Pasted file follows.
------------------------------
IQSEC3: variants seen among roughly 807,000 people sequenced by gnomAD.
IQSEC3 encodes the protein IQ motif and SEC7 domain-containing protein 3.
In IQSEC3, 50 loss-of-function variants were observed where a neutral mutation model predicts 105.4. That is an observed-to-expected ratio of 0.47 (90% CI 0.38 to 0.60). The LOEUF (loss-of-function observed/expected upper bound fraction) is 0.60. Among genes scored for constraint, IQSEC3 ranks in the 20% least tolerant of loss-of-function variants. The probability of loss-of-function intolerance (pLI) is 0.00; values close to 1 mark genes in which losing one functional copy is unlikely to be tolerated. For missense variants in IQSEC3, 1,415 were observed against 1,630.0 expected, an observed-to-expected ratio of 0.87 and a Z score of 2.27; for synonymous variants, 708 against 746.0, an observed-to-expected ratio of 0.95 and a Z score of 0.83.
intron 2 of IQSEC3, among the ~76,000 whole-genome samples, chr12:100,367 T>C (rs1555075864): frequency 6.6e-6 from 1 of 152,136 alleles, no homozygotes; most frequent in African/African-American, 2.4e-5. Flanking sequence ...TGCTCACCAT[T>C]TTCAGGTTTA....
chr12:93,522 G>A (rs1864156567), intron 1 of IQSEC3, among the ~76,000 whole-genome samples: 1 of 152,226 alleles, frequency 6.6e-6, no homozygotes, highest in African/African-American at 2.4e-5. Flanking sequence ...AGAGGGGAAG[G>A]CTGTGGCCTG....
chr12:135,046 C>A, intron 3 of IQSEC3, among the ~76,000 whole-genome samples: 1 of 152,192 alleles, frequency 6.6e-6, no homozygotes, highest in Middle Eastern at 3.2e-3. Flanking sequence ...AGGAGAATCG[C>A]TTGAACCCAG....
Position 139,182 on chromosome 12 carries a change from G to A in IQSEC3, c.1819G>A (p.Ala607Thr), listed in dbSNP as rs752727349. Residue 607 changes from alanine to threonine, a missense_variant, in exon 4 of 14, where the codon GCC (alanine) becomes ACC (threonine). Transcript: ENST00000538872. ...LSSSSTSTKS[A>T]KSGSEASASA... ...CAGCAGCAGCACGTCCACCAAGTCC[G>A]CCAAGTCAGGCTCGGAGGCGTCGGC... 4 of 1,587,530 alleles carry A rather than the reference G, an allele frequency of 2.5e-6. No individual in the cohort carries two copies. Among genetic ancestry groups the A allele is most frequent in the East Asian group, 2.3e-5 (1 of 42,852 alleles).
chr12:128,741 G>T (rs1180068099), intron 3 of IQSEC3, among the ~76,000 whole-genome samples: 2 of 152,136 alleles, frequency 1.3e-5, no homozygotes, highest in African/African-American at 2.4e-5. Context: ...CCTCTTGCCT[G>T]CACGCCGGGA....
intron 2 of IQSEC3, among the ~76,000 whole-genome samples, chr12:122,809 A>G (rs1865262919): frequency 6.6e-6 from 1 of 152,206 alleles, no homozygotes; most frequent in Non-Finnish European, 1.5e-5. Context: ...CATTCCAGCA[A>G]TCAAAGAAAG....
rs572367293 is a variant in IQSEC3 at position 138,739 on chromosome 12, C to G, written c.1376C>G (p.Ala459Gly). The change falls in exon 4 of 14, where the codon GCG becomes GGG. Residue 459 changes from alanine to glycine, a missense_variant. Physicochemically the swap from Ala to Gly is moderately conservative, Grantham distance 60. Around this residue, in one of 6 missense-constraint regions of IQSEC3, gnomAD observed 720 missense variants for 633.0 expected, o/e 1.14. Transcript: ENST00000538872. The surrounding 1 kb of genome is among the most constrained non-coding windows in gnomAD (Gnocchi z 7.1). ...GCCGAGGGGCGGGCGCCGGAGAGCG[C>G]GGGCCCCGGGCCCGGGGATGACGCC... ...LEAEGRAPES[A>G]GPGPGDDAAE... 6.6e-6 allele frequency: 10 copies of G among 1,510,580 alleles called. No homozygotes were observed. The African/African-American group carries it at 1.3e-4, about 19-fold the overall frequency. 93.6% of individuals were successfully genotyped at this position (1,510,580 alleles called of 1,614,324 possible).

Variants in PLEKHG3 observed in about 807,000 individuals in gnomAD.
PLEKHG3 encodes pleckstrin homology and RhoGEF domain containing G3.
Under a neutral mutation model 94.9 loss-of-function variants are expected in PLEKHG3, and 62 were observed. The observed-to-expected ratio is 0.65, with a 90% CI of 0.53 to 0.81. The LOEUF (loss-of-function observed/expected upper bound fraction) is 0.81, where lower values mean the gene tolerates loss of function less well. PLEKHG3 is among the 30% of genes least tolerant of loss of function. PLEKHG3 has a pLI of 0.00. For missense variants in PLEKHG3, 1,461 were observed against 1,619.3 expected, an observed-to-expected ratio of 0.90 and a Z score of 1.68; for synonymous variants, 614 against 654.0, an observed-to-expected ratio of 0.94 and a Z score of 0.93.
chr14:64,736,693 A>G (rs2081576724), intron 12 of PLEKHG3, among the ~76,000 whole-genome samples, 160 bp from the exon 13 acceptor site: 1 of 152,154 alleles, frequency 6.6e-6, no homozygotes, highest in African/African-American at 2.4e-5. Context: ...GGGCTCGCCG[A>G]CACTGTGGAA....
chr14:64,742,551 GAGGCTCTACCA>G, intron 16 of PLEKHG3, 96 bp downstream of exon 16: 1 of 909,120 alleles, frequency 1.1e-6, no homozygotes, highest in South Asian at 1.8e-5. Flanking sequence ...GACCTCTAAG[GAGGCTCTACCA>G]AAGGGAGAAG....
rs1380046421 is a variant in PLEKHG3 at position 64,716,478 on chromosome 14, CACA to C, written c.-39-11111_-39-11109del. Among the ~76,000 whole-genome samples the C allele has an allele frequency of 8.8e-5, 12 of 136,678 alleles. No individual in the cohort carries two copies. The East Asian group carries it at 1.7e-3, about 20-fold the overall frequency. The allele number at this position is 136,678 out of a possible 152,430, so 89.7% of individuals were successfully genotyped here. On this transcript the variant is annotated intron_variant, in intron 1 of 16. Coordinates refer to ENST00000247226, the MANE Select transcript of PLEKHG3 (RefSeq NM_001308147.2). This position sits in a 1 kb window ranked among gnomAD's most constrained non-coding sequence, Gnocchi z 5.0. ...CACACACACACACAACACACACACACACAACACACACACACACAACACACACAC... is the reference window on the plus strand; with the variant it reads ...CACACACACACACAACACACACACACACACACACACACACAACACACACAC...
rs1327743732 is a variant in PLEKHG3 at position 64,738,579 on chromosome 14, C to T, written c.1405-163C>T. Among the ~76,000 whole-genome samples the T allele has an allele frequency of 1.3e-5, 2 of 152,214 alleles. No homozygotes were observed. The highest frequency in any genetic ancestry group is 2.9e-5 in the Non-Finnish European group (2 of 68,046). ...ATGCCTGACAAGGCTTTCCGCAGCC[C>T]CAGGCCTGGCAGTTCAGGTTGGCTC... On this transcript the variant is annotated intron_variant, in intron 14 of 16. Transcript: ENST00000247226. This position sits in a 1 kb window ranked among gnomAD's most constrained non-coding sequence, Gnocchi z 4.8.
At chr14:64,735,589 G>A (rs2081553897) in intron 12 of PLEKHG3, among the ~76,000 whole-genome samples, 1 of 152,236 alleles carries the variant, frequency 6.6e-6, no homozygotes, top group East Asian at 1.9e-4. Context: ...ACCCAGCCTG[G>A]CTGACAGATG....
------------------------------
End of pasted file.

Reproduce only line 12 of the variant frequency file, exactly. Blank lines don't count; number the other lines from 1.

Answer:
PLEKHG3 encodes pleckstrin homology and RhoGEF domain containing G3.